Leroy finishes ninth in mile at indoor national championship

MacKenzye Leroy, ‘18, ran well, missing All-American honors by just six seconds


MacKenzye Leroy, ‘18, competing with teammates close during cross country season. Photo courtesy of W&L Sports Info

Adele Petagna, Sports Writer

MacKenzye Leroy, ‘18, had a strong showing in the mile finals at the NCAA championship last weekend in Birmingham, Ala., but finished just short of receiving All-American honors.

Leroy held the 13th best time among all male Division III runners for the mile prior to the national meet, with the top 15 spots advancing. On March 9, he finished with the ninth-fastest time in the preliminary races. He was one of 10 runners to qualify for the finals of the event on Saturday, ultimately finishing in ninth place, just one spot away from receiving an All-American spot and recognition.

Leroy said he would not have gotten to his final career indoor competition without significant training and hard work.

At the start of his W&L career, Leroy was running a 4:32 mile, but he said with dedication and a regimented practice schedule, he gradually dropped nearly 20 seconds to run a 4:13 mile last week, solidifying his spot at nationals.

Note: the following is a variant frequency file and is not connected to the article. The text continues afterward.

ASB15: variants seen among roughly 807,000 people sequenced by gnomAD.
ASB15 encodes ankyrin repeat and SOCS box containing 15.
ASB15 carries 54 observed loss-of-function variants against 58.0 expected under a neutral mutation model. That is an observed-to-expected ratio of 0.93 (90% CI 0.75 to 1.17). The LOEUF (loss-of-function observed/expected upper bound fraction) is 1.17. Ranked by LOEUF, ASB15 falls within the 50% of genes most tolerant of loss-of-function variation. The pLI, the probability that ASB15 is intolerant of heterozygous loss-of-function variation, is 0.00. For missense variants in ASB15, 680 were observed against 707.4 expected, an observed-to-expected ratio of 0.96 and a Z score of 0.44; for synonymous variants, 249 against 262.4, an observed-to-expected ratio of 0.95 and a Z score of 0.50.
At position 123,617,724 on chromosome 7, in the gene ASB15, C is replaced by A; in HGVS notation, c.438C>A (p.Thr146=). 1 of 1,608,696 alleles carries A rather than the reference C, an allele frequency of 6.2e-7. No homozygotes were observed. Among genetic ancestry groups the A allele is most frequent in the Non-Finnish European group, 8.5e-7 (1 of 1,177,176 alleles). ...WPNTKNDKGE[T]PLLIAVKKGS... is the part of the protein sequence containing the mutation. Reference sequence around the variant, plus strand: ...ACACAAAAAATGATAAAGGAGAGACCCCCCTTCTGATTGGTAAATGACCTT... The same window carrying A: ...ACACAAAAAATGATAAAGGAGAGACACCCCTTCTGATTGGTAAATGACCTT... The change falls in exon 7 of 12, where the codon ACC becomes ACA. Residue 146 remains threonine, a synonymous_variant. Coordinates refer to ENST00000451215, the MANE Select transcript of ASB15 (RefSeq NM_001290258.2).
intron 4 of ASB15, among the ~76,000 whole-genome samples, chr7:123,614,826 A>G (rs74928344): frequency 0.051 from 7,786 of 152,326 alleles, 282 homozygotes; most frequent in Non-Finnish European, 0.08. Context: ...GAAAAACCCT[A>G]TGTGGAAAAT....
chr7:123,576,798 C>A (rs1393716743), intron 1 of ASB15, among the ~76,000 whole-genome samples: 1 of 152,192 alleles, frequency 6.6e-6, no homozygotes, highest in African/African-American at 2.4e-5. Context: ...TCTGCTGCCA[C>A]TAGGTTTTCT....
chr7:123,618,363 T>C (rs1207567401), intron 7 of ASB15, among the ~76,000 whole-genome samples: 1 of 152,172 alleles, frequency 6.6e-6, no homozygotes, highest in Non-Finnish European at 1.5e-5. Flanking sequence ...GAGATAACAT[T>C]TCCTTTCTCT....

“I started as a kind of support role guy who could score a few points in track and be the fourth or fifth runner in cross country, but nothing too big,” he said. “Each year, I’ve moved up slightly on the team, in the conference and in the region, obviously culminating in the great year I’ve had up to this point.”

Leroy mainly works with the assistant track coach, Brandon Spalding, on his day-to-day routine—a typical week consists of 50 to 55 miles over six days of running. He works with Spalding to alternate between 10-mile distance runs and shorter track workouts.

Leroy said this consistency has been key to shaving off about five seconds from his mile time each year, as has constantly reminding himself to complete his workouts with great effort and focus.

Men’s track and field coach Brandon Uhl spoke highly of Leroy, sharing a story he said proves Leroy’s maturity as a person and a teammate.

When the Generals fell behind during the ODAC championships, Uhl and Spalding said they were worried the team wouldn’t pull through in the end. They knew Leroy was one of their strongest runners, so they asked him to compete in a third event, which he had not prepared for.

By agreeing to help the team out, Leroy was potentially sacrificing his individual chances at a nationals bid.

“Running in three events in one meet really takes a toll on your body,” Uhl said.

Uhl said Leroy didn’t want to be the reason the team didn’t win a championship. He said Leroy showed very selfless behavior and ultimately was rewarded in his individual event, as well.

Leroy will continue to be a force for the Generals throughout the outdoor track season, including in the W&L Track and Field Carnival this coming weekend.